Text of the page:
Medicinal plants of the Southern Appalachians

Back in November at the Great Smoky Mountains Book Fair in Sylva I met Patricia Kyritsi Howell and purchased a copy of her Medicinal Plants of the Southern Appalachians (BotanoLogos Books, 2006).

I am not always impressed by medicinal publications because too often it’s apparent that the authors aren’t very well grounded in regard to actual botanical knowledge. That certainly isn’t the instance with Howell’s publication. I can recommend it to those interested in this region’s flora.

Howell is the owner of BotanoLogos, a school located in north Georgia that provides experiential learning about edible and medicinal plants of the Southern Appalachians. She is a registered herbalist and a member of the American Herbalists Guild.

Howell notes that she “grew up on the tall grass prairies of northern Illinois and was well into my thirties the first time I walked into a deciduous cove forest in the Southern Appalachians. I remember sitting along a path crowded by many of the medicinal plants I used often in my work with herbs. The hillside above me was covered with black and blue cohosh, partridgeberry, Solomon’s seal, and maidenhair fern. Plants I had only known as dried leaves and roots in carefully labeled jars were suddenly gloriously alive. I felt I was among friends ... A few years later I moved to the Southern Appalachians. Now, growth cycles of the native medicinal herbs around my house on the edge of a great wild forest have become my markers for the coming seasons.”

Howell provides concise and well-organized commentary on such topics as the history of the region’s medicinal plants, beginning, of course, with the Cherokees. For me, the introductory section devoted to “The Simple Art of Medicine Making” was especially informative. Therein, she covers various preparation methods that many manuals refer to but often fail to describe in any detail: infusions and decoctions, folk and weight-to-volume tinctures, simple syrups, compresses, poultices, baths, enemas, vaginal douches, solar infused oils, oven-method infused oils, and salves.

The appended portions of the book are also first rate, consisting of a glossary; a general bibliography and a listing of “recommended books;” sources for herbs, native plants, and seeds; native plant societies; threatened and endangered plant lists; bloom and harvest calendars; a therapeutic index “provided as a quick, general guide for finding the right herb to treat a specific symptom or condition;” and an index.

The heart of the book consists of the medicinal uses for 45 species that grow within the Southern Appalachian region. All are plants commonly encountered: blood root, evening primrose, gentian, ginseng, Indian pipe, skullcap, stone root (horse balm), wild ginger, yellow root, etc. The section devoted to each generally consists of from three to four pages, according to the following format: common name, botanical name, family, description, habitat, key actions, part used, traditional uses, current uses, harvesting, preparations, and dosages.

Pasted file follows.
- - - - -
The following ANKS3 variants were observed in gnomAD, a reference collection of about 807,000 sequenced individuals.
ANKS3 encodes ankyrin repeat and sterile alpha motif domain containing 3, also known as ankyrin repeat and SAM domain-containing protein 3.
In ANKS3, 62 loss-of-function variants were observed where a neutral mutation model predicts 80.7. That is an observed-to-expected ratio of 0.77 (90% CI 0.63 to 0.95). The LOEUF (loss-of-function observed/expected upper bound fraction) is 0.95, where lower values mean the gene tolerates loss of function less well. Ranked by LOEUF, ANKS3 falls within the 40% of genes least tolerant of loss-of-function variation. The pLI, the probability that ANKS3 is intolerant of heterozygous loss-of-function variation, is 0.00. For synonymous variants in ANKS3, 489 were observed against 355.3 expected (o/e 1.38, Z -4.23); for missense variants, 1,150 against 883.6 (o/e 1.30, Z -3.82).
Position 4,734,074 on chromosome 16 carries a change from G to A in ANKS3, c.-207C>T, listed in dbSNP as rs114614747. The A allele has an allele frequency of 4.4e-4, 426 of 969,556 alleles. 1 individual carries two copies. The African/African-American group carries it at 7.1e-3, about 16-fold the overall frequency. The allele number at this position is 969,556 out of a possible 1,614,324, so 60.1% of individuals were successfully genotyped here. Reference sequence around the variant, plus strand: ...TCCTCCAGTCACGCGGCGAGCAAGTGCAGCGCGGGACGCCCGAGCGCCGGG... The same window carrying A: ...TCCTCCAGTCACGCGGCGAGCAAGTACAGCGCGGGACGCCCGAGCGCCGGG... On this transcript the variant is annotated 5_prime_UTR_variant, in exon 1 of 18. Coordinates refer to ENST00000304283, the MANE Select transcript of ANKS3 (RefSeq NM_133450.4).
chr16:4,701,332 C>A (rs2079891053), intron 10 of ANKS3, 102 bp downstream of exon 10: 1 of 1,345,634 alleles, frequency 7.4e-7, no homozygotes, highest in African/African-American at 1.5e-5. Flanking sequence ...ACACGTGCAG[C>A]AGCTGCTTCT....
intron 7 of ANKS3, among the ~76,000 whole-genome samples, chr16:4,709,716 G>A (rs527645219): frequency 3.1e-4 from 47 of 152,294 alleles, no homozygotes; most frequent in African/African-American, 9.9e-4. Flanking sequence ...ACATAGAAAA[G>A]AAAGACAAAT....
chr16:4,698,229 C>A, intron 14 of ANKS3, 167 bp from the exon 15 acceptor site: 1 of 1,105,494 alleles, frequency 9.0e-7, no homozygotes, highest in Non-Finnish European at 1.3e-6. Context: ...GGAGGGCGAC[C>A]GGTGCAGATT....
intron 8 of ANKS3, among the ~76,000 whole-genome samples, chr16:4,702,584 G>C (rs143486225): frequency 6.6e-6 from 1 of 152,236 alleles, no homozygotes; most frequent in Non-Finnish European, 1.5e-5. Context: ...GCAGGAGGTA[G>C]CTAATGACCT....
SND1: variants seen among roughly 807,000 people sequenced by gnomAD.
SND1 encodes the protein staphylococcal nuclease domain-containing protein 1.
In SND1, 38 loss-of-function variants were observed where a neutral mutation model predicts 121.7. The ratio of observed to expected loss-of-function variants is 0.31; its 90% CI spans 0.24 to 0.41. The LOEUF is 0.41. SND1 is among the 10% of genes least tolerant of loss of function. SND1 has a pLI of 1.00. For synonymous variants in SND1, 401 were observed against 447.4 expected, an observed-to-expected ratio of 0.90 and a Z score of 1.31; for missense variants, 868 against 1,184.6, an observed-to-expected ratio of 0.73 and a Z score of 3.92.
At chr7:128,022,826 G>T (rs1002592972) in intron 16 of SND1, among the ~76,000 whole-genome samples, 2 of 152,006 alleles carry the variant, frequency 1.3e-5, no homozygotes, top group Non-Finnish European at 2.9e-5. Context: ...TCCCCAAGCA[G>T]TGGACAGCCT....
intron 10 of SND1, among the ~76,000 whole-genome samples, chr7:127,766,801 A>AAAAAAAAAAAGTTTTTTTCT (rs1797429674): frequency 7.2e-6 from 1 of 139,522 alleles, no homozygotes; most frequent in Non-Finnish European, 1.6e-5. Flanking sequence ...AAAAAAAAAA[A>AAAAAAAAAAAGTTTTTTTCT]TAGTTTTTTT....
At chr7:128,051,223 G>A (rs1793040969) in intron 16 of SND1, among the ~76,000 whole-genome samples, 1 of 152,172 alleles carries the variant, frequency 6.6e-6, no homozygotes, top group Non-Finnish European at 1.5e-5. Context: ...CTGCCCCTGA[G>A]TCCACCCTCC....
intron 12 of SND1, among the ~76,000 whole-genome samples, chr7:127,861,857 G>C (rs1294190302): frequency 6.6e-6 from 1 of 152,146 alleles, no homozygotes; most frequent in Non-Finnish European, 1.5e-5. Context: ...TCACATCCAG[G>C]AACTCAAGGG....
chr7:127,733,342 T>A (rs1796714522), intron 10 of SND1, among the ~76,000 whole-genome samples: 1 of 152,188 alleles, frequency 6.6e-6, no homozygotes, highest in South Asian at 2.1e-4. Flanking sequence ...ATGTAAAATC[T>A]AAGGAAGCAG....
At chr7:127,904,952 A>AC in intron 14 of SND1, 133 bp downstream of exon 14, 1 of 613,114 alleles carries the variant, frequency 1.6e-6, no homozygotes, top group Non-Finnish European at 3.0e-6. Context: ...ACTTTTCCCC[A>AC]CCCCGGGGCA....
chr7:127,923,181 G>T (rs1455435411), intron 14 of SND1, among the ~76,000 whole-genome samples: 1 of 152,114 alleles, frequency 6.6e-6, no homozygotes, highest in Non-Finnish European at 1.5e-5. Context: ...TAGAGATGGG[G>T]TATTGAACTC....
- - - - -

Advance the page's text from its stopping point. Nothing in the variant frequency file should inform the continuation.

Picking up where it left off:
For example, in the entry for boneset (Eupatorium perfoliatum), the reader is informed that other common names are feverwort, ague weed, and Indian sage; that the stem appears to puncture (perfoliate) the leaves; and that it is common in open fields, at the edges of woodlands, and along streams. The aerial (above-ground) portions are harvested “in late summer just as the flowers are forming” and dried so that the leaves and flowers can be crumbled and stored in glass jars. Because it is so bitter, Howell recommends using it in syrup form and provides recipes and appropriate dosages for doing so. There is also an entry that relates boneset’s traditional use as “one of the most frequently used household herbs in the eastern United States” during the 19th century. In regard to current use, Howell considers it to be “one of the most useful herbs for the treatment of colds and influenza” as it is purported to stimulate immune response, reduce fevers, and eliminate excess respiratory congestion.

Copies of Medicinal Plants of the Southern Appalachians (softcover, 262 pages) are available at regional bookstores. Or to order a copy, send a check or money order, made payable to BotanaLogos Books, in the amount of $22.95 (includes postage and handling) to BotanoLogos Books, POB Box W, Mountain City, Georgia, 30562-0917. (Georgia residents add 7 percent sales tax.) Visa or MasterCard orders can be placed by calling 706.746.5485.

George Ellison wrote the biographical introductions for the reissues of two Appalachian classics: Horace Kephart’s Our Southern Highlanders and James Mooney’s History, Myths, and Sacred Formulas of the Cherokees. In June 2005, a selection of his Back Then columns was published by The History Press in Charleston as Mountain Passages: Natural and Cultural History of Western North Carolina and the Great Smoky Mountains. Readers can contact him at P.O. Box 1262, Bryson City, N.C., 28713, or at This email address is being protected from spambots. You need JavaScript enabled to view it..

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